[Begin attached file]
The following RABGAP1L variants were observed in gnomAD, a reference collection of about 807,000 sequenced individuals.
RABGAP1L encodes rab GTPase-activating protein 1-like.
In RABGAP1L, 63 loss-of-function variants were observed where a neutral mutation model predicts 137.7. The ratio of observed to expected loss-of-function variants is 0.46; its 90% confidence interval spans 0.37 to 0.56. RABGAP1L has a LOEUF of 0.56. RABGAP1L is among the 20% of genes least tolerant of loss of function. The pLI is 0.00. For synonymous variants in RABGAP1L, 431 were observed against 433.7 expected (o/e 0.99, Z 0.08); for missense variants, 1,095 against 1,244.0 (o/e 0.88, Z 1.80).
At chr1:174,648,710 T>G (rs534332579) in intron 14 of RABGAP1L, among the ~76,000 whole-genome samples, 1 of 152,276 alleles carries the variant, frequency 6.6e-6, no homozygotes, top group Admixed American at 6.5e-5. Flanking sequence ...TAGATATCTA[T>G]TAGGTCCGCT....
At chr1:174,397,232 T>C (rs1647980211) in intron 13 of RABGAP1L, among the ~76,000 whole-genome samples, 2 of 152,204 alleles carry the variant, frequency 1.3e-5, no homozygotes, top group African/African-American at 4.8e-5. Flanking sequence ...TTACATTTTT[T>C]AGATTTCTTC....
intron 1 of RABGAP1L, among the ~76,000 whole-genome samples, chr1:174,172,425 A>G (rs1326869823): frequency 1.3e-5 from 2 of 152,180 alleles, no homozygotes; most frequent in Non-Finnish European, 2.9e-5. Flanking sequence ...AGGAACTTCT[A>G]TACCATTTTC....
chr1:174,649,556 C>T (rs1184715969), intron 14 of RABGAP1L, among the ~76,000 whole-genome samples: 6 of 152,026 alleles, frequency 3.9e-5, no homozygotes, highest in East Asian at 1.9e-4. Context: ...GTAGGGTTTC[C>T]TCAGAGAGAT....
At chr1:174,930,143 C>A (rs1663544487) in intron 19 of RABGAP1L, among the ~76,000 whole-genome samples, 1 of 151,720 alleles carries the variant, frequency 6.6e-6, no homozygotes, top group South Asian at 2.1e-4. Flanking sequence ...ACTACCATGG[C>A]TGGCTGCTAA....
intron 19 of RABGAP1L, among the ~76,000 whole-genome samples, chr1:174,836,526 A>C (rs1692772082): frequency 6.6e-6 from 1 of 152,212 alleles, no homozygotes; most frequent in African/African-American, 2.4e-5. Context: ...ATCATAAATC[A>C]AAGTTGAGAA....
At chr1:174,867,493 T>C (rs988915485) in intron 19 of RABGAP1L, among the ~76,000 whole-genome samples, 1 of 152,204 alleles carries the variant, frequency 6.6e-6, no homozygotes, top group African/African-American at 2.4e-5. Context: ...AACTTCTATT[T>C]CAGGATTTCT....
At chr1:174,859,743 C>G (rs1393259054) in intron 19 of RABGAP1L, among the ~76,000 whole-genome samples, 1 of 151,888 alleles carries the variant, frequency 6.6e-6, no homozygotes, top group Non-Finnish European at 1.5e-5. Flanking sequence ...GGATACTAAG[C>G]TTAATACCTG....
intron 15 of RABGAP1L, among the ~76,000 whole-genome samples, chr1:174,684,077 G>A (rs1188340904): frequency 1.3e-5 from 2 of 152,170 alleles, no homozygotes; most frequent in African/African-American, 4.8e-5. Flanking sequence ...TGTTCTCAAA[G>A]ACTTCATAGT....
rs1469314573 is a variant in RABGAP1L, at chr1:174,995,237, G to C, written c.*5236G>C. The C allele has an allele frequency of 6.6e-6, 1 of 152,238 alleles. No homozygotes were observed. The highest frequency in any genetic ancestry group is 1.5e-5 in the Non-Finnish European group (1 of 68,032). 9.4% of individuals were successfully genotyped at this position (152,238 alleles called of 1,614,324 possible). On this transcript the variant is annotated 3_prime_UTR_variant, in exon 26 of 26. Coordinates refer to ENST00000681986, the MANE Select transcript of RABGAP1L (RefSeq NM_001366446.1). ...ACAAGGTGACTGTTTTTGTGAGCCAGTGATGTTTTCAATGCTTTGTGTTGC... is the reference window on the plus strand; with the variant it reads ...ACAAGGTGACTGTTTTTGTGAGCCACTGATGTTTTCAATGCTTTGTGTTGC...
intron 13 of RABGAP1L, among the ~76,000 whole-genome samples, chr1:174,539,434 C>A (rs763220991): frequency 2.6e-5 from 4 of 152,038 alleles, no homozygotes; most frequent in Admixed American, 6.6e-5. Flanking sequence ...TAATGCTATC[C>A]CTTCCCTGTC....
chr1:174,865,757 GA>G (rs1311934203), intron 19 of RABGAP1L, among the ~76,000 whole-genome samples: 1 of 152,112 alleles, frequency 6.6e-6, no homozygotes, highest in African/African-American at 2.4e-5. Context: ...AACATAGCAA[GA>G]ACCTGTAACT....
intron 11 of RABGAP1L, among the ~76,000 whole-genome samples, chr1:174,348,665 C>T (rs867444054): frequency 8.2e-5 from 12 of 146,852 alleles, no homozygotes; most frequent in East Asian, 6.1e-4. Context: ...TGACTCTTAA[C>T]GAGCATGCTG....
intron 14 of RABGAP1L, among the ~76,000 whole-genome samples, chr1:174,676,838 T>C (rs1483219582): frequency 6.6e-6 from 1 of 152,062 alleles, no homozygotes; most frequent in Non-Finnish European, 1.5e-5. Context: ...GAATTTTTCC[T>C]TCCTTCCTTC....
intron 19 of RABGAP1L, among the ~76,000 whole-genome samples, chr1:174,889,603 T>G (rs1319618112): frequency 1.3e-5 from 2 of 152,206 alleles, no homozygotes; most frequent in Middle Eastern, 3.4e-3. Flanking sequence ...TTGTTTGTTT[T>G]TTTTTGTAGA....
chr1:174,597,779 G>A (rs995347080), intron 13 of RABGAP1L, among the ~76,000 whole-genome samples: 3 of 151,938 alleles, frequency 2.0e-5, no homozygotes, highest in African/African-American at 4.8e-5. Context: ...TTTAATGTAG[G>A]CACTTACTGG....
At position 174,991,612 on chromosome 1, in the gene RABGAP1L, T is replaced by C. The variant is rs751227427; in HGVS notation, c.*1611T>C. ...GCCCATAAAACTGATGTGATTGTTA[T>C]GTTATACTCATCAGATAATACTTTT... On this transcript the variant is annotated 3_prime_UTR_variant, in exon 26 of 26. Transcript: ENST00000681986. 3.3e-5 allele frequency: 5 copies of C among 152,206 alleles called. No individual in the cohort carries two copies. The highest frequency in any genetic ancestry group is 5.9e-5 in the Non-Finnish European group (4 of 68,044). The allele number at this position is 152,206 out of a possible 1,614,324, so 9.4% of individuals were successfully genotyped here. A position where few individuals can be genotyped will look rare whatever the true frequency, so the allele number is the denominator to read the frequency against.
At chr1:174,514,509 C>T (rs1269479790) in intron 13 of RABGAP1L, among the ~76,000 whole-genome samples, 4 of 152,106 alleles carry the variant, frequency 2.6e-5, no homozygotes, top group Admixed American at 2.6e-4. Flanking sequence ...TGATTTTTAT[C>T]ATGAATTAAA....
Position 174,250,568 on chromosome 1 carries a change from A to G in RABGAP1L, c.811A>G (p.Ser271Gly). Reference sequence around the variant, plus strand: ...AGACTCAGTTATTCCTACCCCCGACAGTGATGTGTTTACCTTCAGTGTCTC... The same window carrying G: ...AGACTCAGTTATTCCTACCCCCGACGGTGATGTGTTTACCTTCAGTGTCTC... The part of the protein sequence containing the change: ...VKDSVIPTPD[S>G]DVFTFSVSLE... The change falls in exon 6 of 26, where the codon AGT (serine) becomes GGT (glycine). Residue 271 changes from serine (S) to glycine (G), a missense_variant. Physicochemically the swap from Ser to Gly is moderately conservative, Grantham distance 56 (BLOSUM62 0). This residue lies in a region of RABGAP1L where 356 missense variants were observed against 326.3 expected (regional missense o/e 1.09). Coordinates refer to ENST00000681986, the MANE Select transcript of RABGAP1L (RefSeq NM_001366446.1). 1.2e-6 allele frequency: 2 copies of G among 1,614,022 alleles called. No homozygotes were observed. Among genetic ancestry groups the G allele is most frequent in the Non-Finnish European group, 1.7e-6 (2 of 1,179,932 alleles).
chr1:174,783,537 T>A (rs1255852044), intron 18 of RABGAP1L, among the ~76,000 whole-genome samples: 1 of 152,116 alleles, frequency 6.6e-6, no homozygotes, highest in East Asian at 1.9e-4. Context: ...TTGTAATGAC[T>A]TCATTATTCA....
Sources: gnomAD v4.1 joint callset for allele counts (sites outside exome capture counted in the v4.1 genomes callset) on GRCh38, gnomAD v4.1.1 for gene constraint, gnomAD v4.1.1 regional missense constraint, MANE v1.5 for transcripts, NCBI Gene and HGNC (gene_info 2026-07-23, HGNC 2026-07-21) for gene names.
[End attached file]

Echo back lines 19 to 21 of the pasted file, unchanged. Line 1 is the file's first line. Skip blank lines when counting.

chr1:174,597,779 G>A (rs995347080), intron 13 of RABGAP1L, among the ~76,000 whole-genome samples: 3 of 151,938 alleles, frequency 2.0e-5, no homozygotes, highest in African/African-American at 4.8e-5. Context: ...TTTAATGTAG[G>A]CACTTACTGG....
At position 174,991,612 on chromosome 1, in the gene RABGAP1L, T is replaced by C. The variant is rs751227427; in HGVS notation, c.*1611T>C. ...GCCCATAAAACTGATGTGATTGTTA[T>C]GTTATACTCATCAGATAATACTTTT... On this transcript the variant is annotated 3_prime_UTR_variant, in exon 26 of 26. Transcript: ENST00000681986. 3.3e-5 allele frequency: 5 copies of C among 152,206 alleles called. No individual in the cohort carries two copies. The highest frequency in any genetic ancestry group is 5.9e-5 in the Non-Finnish European group (4 of 68,044). The allele number at this position is 152,206 out of a possible 1,614,324, so 9.4% of individuals were successfully genotyped here. A position where few individuals can be genotyped will look rare whatever the true frequency, so the allele number is the denominator to read the frequency against.
At chr1:174,514,509 C>T (rs1269479790) in intron 13 of RABGAP1L, among the ~76,000 whole-genome samples, 4 of 152,106 alleles carry the variant, frequency 2.6e-5, no homozygotes, top group Admixed American at 2.6e-4. Flanking sequence ...TGATTTTTAT[C>T]ATGAATTAAA....